This locomotive was built in 1945, to a Hunslet Engine Company design, by Robert Stephenson & Hawthorn for the Ministry of Defence.
See LNER class J94 for details.
The locomotive was delivered new to the Longmoor Military Railway for storage in July 1945.
It was bought by Manchester Collieries in November 1945 and left the Longmoor Military Railway in April 1946. It was then used at Walkden Colliery where it gained the name Fred.
Several of the engines on this system were named after prominent colliery employees. This locomotive was named after the late Fred Hilton who at one time had been the locomotive superintendent of the Manchester Collieries railway system.
After the nationalisation of the coal industry and the forming of the National Coal Board (NCB) in January 1947 it came under the control of the NCB West Lancashire Area.
The locomotive was subsequently employed at Bickershaw Colliery near Leigh and West Leigh Colliery before going to the workshops at Walkden Colliery with a cracked cylinder in 1949.
It later spent time at Bickershaw Colliery before undergoing repairs by Pearson & Knowles at the Dallam Forge in Warrington from November 1953 until February 1954 although this may only have been for work on the boiler.
By April 1954 the locomotive was noted working again at Bickershaw Colliery. Whilst based there it made a number of visits to the workshops at Kirkless and Walkden.
It was fitted with an underfeed stoker in 1963 as part of a rebuild.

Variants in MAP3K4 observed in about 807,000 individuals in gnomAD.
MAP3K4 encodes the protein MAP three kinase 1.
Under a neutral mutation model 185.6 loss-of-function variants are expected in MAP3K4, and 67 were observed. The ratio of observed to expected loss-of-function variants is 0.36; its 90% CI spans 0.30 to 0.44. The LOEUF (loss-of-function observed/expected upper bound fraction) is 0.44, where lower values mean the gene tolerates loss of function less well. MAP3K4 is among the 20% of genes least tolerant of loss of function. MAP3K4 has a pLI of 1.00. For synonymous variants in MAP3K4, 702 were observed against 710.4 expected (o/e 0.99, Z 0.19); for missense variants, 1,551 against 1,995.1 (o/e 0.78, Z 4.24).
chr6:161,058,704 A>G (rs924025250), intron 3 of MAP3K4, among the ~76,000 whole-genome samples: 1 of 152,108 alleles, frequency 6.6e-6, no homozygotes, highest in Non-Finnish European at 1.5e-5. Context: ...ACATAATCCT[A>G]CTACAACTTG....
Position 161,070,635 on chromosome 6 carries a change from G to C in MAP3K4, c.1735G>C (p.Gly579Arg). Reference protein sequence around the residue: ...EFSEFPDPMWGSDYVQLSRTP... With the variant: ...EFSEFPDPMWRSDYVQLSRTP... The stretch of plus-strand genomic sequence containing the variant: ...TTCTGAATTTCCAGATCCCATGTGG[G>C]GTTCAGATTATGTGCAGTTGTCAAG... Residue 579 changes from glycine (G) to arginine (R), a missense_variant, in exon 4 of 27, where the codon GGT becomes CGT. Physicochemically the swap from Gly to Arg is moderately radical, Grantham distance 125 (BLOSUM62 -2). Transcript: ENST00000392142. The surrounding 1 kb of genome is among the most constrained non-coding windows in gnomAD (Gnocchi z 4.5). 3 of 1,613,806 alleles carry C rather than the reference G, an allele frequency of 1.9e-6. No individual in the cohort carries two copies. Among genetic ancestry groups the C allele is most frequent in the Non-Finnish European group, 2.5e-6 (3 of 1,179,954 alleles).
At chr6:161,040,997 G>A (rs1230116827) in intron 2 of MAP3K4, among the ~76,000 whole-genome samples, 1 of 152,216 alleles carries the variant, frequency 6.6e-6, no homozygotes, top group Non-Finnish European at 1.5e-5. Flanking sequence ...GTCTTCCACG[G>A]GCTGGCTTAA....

In the early 1960s Hunslet Engine Company rebuilt a number of locomotives that had been supplied to the Ministry of Defence. The rebuild was the result of a bid to meet stringent restrictions on smoke emissions.
The Argentinian, Ing. L.D.Porta was commissioned by the Hunslet company to design certain modifications. Following the company becoming aware of Porta technology when, unsuccessfully, bidding for the contract to build the second batch of 75cm gauge 2-10-2 locomotives for RFIRT, Argentina.
Research suggests the locomotives may not have been quite as Porta would have wished. It is felt something could have been lost ‘in the translation’ between Argentina and the UK. However, despite some shortcomings these locomotives did serve an important purpose in the development of steam. They were the very first application of Porta’s work outside of his native Argentina.
This locomotive was rebuilt in this way in 1963 – I presume by Hunslet although I cannot find any reference to a Hunslet works number.
By the time the locomotive arrived at Haworth on the Keighley & Worth Valley Railway in 1969 the underfeed stoker was defunct and was subsequently removed in December 1969. The locomotive was restored at Haworth and operated there for a number of years.
The locomotive is now part of the Somerset & Dorset Locomotive Collection and is based at Tyseley where it is being overhauled.